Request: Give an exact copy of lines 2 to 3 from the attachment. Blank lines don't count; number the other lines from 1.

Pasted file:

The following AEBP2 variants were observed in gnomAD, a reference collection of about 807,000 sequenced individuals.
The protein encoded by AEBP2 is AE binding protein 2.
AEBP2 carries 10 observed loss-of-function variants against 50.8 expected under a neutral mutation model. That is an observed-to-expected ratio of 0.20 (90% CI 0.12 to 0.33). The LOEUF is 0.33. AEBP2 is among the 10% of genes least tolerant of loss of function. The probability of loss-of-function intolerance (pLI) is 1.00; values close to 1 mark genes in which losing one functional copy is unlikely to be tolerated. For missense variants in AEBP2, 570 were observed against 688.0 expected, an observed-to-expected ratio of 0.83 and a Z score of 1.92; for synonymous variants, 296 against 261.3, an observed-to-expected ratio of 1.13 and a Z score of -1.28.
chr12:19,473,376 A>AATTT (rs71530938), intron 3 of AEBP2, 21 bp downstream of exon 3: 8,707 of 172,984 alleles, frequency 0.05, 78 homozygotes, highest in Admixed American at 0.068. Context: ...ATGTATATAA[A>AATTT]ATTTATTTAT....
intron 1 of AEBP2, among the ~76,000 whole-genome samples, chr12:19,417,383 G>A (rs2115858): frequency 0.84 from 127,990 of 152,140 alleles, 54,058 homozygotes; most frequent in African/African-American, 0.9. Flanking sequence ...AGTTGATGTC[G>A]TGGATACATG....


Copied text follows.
The protein encoded by AEBP2 is AE binding protein 2.
AEBP2 carries 10 observed loss-of-function variants against 50.8 expected under a neutral mutation model. That is an observed-to-expected ratio of 0.20 (90% CI 0.12 to 0.33). The LOEUF is 0.33. AEBP2 is among the 10% of genes least tolerant of loss of function. The probability of loss-of-function intolerance (pLI) is 1.00; values close to 1 mark genes in which losing one functional copy is unlikely to be tolerated. For missense variants in AEBP2, 570 were observed against 688.0 expected, an observed-to-expected ratio of 0.83 and a Z score of 1.92; for synonymous variants, 296 against 261.3, an observed-to-expected ratio of 1.13 and a Z score of -1.28.